All of that to say, as part of our study of the play musical, I assigned the first chapter of Chernow’s biography and WHOO BOY is it a steaming pile of a good example of why we need more black and women historians. I was INFURIATED by it.

To whit:

“the four thousand slaves on Nevis outnumbered whites by a ratio of four to one, making inequitable carnal relations between black slaves and white masters a dreadful commonplace” (9).

INEQUITABLE CARNAL RELATIONS. I mean, that sure is a pretty way to say rape, isn’t it?

There was also this:

“Violence was commonplace in Nevis, as in all the slave-ridden sugar islands.”

Slave-ridden.

SLAVE-RIDDEN.

And this: Hamilton’s mom’s ex-husband gets her thrown in jail because she’s found guilty of adultery and doesn’t live with him, and Chernow says the lack of “outright refutation suggests that Rachel had indeed…found solace in the arms of other men.” I mean, maybe she did indeed or maybe in a society where a woman’s husband can PUT HER IN JAIL because she doesn’t live with him is one in which she can’t stand up for herself.

And found guilty BY WHOM? OTHER MEN???

flames
source

So, yes, I gave my one class a mini-lesson on this whole thing (I get to tell the other class tomorrow). It went pretty well. Not only did I use the excerpts to talk about the importance of historians of color and women historians, but I also showed them why it’s important to look up words they aren’t familiar with when they read AND when I did my lesson on thesaurus writing and why clarity is the most important part of writing, one of the students pointed out that that’s why they didn’t understand Chernow because he didn’t use clear language and it fooled them. THEN, one of the students wrote on the minute reflection for questions they still have “Why aren’t there more historians of color?” or “Where are the historians of color?” (It was one of those. I can’t remember right now.) So I count that all as a win.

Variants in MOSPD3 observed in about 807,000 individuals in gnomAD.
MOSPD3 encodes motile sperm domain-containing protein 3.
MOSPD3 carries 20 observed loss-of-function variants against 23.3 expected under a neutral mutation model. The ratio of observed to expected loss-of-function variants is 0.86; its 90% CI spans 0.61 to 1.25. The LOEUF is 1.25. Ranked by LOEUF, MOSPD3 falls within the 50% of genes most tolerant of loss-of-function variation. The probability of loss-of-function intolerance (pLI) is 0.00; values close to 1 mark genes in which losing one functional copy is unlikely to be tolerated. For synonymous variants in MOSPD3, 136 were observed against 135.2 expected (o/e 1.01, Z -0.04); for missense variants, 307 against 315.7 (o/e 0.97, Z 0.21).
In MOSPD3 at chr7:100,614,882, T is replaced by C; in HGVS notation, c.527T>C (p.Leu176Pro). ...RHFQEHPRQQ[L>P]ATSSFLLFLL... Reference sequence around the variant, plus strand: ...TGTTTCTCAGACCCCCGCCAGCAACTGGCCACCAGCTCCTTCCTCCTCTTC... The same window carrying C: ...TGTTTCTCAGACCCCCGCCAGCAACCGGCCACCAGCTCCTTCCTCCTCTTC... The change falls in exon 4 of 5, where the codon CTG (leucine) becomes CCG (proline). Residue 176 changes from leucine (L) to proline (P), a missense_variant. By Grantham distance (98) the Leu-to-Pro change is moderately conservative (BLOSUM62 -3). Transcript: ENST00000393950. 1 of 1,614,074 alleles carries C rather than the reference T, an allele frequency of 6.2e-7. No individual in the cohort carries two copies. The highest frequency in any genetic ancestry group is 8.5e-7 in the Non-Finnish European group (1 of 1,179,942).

Okay, that’s a lot and it’s time for bed, so I’ll do my reading update post tomorrow.

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5 thoughts on “Weekly Update: Back to School Edition

  1. I love how you are always trying new things with your class, instead of “phoning it in” as some of my teachers did. Also, completely agree with you about women/women of colour/people of colour writing about history. How infuriating is it to read that Chernow guy!?!?!?!? That euphemism for rape is a new one for me. And slave-ridden?!?!?! Holy crap.

    Like

  2. Awesome! I’m glad to see you’ve found that post/strategy useful. It’s definitely been super helpful with my own teaching. I love getting insight into what they’re thinking.

    Like

    1. It’s also great for helping me see what I thought I explained sufficiently vs. what they actually understood.

      One student asked (via the postcard) if they would have to ask questions every week and I told them, “Yes because people keep putting questions on here that they’re not asking out loud” and several students nodded when I said that. They *love* being able to ask questions anonymously. I have gotten some really good ones.

      Liked by 1 person